Seems "Glee" took one entertainment step too many. Fox Filmed Entertainment looked to do what any modern media company with a big valuable asset would do -- eke out a few more shekels, not the least of which would come from a premium 3D ticket price.
The movie -- with a pretty nice wide release on over 2,000 screens -- earned a humble $6 million this past weekend, coming in 11th place among all movies. But, one Fox executive told The Wrap, the studio knew the film wouldn't be a lock, that it could be going into "uncharted waters."
"Glee"'s pedigree wouldn't have signaled this. Even before its premiere a couple of seasons ago, Fox television executives had sold the show highly to critics as the next big thing. And -- rare for such claims - "Glee" delivered big juicy ratings. Next came those music sales, then the concerts.
All that is hard to do in the ever-more competitive entertainment world. And give "Glee" some more credit: It will honor its storyline. Those "Glee" kids entering their senior year this season will need to "graduate" -- that is, leave the show. (Hey, the cast of Disney Channel's "High School Musical" needed to graduate as well. And, mind you, there is already talk of a "Glee" spinoff.)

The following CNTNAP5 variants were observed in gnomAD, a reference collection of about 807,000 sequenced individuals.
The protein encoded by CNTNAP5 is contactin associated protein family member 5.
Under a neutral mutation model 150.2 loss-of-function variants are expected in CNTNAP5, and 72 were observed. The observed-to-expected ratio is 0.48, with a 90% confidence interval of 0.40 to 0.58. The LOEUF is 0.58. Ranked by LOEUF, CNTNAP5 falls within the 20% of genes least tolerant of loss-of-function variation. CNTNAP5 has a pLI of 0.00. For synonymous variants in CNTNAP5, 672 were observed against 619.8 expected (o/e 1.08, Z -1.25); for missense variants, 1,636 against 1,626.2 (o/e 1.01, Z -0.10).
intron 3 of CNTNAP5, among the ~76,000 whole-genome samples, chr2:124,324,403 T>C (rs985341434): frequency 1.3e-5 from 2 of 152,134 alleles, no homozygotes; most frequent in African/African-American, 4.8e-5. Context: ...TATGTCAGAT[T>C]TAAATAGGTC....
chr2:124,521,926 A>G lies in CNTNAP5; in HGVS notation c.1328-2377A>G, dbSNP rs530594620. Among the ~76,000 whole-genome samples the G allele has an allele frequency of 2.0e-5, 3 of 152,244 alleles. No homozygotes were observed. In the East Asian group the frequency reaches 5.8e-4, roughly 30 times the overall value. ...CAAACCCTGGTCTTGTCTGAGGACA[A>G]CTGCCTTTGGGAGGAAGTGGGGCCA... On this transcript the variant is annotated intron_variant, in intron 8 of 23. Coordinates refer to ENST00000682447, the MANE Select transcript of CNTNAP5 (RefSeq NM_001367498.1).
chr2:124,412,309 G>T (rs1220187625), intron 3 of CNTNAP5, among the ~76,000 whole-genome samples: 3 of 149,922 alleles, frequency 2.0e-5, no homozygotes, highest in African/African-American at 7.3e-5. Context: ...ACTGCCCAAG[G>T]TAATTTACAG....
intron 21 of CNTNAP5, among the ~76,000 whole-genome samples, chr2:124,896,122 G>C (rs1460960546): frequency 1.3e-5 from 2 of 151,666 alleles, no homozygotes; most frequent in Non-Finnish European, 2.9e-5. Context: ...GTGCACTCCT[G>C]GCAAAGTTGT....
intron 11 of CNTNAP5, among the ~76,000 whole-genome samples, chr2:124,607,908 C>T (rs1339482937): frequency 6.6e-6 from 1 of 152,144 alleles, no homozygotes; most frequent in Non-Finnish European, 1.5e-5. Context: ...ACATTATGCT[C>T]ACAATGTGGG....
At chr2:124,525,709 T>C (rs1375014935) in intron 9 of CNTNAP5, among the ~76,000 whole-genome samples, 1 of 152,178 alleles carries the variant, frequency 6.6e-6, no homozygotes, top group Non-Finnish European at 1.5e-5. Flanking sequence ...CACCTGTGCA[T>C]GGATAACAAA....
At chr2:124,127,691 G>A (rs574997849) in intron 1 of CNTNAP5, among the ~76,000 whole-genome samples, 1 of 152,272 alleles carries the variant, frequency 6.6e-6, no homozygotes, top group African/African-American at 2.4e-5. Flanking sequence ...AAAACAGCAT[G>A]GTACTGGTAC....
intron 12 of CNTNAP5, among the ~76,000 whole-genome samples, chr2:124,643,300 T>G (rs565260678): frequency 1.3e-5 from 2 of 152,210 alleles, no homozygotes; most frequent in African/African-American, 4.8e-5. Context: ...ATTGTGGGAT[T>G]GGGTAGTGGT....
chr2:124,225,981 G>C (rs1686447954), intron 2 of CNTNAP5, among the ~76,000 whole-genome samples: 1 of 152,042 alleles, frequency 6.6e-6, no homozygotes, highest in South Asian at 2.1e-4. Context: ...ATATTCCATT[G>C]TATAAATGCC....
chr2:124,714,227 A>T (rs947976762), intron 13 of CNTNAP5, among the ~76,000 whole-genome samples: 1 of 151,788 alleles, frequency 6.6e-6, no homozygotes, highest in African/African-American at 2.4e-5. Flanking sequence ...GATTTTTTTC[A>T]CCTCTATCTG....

What went wrong with the movie? While "Glee" has done a lot for Fox in its short history, some critics say fans perhaps didn't need more of the "Glee"-sters singing songs they had already heard on the TV show, via iTunes, or in concert.
Reasons the film might have worked included:
In addition, the "Glee" movie got high review marks.
Next question: What happens to brand "Glee" now?
xxx Clarification to TV Watch for Aug. 16, "Some Networks Should Take More TV Advertising -- And Stop The Kvetching": the AMC show "Mad Men" has been renewed for seasons five and six, returning with new episodes in 2012.